Pub. date: 2010 | Online Pub. Date: November 23, 2010 | DOI: 10.4135/9781412959193 | Print ISBN: 9781412959186 | Online ISBN: 9781412959193| Publisher:SAGE Publications, Inc.About this encyclopedia
Sampson, Robert J., and John H. Laub: Age-Graded Theory of Informal Social Control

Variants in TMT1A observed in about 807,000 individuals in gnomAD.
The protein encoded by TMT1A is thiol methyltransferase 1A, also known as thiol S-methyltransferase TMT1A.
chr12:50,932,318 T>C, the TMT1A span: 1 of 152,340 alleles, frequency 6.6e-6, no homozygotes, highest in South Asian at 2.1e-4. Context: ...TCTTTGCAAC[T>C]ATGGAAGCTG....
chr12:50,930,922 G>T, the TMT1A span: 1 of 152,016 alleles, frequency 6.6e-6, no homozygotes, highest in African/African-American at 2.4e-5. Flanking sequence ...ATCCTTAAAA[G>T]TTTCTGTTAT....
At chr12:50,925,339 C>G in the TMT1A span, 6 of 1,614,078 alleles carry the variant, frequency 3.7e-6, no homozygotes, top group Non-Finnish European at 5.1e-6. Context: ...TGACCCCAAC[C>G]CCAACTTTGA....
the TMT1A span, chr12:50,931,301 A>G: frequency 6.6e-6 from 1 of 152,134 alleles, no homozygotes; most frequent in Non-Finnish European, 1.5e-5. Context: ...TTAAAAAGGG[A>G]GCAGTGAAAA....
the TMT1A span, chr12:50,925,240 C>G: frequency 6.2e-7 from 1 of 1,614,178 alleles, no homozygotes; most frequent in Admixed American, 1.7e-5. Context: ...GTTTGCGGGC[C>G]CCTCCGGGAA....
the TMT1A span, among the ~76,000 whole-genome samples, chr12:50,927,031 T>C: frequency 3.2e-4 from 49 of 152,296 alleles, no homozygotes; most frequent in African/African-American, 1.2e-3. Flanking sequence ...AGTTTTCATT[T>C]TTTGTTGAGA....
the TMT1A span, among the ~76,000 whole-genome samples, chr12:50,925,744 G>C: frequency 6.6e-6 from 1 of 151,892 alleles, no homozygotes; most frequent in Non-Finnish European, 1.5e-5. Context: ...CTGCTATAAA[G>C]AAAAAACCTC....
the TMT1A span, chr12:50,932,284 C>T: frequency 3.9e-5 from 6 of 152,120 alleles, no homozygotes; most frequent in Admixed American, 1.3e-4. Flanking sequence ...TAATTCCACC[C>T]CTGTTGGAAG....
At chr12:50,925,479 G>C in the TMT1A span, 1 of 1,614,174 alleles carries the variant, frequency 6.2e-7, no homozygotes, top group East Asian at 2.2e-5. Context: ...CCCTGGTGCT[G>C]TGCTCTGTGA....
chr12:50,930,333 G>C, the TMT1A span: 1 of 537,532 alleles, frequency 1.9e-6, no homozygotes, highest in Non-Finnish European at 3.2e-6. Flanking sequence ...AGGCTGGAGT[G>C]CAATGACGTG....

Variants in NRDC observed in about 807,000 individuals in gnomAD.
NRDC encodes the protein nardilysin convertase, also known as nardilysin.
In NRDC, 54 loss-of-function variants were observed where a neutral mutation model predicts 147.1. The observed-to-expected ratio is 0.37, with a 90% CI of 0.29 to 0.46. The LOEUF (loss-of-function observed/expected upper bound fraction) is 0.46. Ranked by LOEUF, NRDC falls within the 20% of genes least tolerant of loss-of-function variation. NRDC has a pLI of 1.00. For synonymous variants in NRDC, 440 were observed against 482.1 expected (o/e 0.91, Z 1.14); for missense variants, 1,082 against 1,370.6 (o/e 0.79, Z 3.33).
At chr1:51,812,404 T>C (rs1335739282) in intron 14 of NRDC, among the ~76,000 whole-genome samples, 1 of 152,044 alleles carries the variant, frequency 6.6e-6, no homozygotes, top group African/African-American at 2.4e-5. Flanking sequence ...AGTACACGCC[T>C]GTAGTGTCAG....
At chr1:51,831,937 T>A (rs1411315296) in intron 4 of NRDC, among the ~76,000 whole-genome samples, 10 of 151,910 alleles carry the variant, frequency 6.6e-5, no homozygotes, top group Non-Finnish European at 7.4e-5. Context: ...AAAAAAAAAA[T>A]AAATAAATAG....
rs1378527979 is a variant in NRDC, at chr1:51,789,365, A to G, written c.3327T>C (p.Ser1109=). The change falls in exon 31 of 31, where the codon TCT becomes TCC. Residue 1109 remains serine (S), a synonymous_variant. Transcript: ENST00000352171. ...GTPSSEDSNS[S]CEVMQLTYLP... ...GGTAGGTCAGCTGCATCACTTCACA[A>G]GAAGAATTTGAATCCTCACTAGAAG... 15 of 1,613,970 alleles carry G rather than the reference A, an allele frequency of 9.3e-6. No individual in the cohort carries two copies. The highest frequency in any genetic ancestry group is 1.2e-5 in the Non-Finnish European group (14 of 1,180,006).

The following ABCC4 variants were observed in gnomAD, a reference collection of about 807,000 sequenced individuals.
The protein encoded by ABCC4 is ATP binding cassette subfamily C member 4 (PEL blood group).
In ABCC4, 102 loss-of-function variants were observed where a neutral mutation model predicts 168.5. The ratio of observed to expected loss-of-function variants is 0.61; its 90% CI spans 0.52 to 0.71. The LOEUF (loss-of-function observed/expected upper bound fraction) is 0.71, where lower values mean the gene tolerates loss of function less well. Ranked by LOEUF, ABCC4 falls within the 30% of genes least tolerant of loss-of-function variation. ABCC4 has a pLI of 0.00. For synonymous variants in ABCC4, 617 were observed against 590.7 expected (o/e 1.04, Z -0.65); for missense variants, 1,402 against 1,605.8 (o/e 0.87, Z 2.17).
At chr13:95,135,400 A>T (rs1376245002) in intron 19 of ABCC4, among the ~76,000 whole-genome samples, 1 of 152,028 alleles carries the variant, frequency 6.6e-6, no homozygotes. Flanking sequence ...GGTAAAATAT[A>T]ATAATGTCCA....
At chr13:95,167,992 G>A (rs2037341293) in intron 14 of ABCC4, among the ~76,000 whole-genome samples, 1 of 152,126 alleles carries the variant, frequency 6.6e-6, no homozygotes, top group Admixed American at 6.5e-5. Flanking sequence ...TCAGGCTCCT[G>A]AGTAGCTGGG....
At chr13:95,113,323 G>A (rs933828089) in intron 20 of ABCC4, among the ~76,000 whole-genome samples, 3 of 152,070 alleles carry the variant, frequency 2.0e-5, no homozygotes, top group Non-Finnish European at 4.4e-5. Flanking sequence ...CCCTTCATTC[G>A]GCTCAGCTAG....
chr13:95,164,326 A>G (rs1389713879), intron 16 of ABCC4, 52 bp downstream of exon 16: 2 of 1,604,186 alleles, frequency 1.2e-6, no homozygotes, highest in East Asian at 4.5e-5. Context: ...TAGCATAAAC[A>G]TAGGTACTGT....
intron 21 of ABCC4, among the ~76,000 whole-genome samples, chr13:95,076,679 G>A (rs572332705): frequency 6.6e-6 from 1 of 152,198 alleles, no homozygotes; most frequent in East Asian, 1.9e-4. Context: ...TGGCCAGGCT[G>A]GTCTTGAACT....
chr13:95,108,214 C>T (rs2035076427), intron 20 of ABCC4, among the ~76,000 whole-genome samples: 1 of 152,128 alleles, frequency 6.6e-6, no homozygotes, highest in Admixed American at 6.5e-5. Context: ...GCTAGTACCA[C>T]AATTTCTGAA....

A debate over the significance of criminal careers dominated theoretical criminology, beginning in the mid-1980s. On one side, Alfred Blumstein et al. (1986, 1988a, 1988b) promoted a criminal career model to describe the volume of crime committed over an individual lifespan, including age of onset, frequency of offending, age of termination (desistance), and career length. The criminal careers paradigm suggested that each of these parameters warranted investigation and, possibly, distinct theoretical explanations. In opposition, Michael Gottfredson and Travis Hirschi argued that these supposed distinct parameters were not necessary for understanding the causes of crime; stable individual differences in self-control accounted for crime committed over an individual criminal career. Furthermore, because of the stability of these differences, there was no need to measure criminal career lengths, or even to conduct longitudinal research. This debate fueled many theoretical and quantitative advances in criminology throughout the 1990s, and continues to impact research today. ...